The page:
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Boston police, FBI investigating notes to students

Boston police and the FBI are helping Simmons College public safety officers to investigate three recent incidents of students receiving threatening hate messages at the college's dormitories, police and college officials said.

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On Oct. 30, a Muslim student reported receiving a threatening letter in her mailbox, and last Tuesday, a note expressing hatred for homosexuals was slipped under a student's door and a racial slur was scrawled on a whiteboard on another student's door, according to a letter from Sheila Murphy, the college's dean for student life, to students' parents Friday.
"We are taking these incidents very seriously," Murphy wrote. "The safety of our students, staff, and faculty is critical."
Simmons has increased the number of campus security details since the messages were received, Helen Drinan, the college president, said in Nov. 5 e-mail to students.
"I am saddened, shocked, disgusted, and angry about this situation," she wrote.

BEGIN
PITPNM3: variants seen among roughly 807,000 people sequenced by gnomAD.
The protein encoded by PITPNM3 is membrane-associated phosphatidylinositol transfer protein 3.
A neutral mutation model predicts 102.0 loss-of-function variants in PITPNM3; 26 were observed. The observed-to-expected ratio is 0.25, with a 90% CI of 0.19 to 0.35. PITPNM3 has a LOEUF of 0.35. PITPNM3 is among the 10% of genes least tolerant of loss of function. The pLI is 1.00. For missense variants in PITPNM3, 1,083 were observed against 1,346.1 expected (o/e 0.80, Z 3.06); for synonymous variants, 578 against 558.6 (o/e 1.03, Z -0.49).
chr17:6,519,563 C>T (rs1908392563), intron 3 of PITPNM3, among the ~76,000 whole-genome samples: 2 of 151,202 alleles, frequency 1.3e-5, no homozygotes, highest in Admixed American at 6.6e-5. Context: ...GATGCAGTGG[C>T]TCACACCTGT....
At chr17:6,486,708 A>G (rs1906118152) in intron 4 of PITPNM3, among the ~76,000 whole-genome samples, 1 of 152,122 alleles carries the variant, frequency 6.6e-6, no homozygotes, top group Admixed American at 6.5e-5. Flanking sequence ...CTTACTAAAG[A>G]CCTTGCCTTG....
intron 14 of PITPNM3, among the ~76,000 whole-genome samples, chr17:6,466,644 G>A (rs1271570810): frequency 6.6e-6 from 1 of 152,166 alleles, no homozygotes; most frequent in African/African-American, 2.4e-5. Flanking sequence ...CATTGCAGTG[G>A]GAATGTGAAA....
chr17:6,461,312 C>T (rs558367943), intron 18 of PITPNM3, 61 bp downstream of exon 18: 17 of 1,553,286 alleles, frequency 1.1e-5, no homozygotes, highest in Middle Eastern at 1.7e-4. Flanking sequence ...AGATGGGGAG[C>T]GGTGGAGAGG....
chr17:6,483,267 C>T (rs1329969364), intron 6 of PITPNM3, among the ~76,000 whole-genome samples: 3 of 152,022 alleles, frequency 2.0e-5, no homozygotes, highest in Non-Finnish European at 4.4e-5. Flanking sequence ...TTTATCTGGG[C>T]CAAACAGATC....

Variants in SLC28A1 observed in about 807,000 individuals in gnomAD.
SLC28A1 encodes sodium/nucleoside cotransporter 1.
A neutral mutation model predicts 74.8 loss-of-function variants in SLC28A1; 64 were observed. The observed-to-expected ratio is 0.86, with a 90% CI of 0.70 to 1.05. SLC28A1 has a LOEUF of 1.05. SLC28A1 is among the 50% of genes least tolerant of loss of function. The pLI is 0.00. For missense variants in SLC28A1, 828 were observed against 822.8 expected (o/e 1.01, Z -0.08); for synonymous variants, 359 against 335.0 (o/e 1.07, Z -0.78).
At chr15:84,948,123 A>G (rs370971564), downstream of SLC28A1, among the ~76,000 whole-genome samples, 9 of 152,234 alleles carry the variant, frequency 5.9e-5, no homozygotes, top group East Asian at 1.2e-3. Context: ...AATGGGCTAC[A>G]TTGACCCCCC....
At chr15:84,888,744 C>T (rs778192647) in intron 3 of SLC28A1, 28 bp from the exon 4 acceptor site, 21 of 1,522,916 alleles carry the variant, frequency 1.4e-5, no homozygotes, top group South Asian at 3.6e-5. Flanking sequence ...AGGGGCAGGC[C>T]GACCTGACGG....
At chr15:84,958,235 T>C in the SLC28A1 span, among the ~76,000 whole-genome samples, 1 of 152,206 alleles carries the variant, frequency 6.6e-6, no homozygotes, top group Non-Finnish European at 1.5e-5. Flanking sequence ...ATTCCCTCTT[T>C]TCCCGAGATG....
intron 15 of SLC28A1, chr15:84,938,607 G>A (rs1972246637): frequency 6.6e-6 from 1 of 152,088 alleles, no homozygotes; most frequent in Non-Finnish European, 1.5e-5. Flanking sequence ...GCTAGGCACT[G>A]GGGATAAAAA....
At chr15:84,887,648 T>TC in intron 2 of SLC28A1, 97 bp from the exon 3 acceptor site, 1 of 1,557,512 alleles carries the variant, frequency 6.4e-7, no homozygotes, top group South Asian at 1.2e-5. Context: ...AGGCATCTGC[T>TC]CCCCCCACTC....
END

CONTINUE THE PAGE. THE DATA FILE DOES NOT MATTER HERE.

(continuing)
Simmons spokeswoman Allyson Irish said the college has sent information about the messages to the Boston police as well as the FBI. A Boston police spokesman confirmed the department is investigating; FBI spokeswoman Gail Marcinkewicz said the bureau does not confirm investigations.
Students and college faculty members, meanwhile, have also roundly denounced the hate messages. More than 300 of them attended a forum on the messages Friday, said Murphy.
Gabi DiGiandomenico, a Simmons senior from Natick, said many students at the forum wore green as a peace symbol and some wore headscarves to show solidarity with Muslim students.
"People were crying. A lot of the African-American community was especially shaken," the psychology major said.
"The campus response has been mostly disgust and shock and kind of embarrassment, because it's a community that really prides itself on inclusion and practicing respect for all diverse groups."
A group of about 10 students have been sleeping outside the room of the student in Morse Hall who received the hate message on her whiteboard, said Quinn Retmier, a resident assistant in the dormitory. Last year, another resident assistant found a racial slur scrawled on the whiteboard on her door and her residents kept a similar vigil around her room, Retmier said.
"Everyone was awesome about bringing people who slept outside the rooms pillows and blankets and stuff," said the junior from Martha's Vineyard.
"The student this year truly felt so much better when she knew that people cared enough to sleep outside her dorm."
The Student Government Association is organizing an antihate campaign and a sit-in Friday at the college's main building at 300 Fenway, said association president France Belizaire.
"The campuswide reaction has been anger, obviously, and some sadness, but we're trying to take some productive steps," said Belizaire, a senior from Roslindale.
"Everyone was shocked about this."
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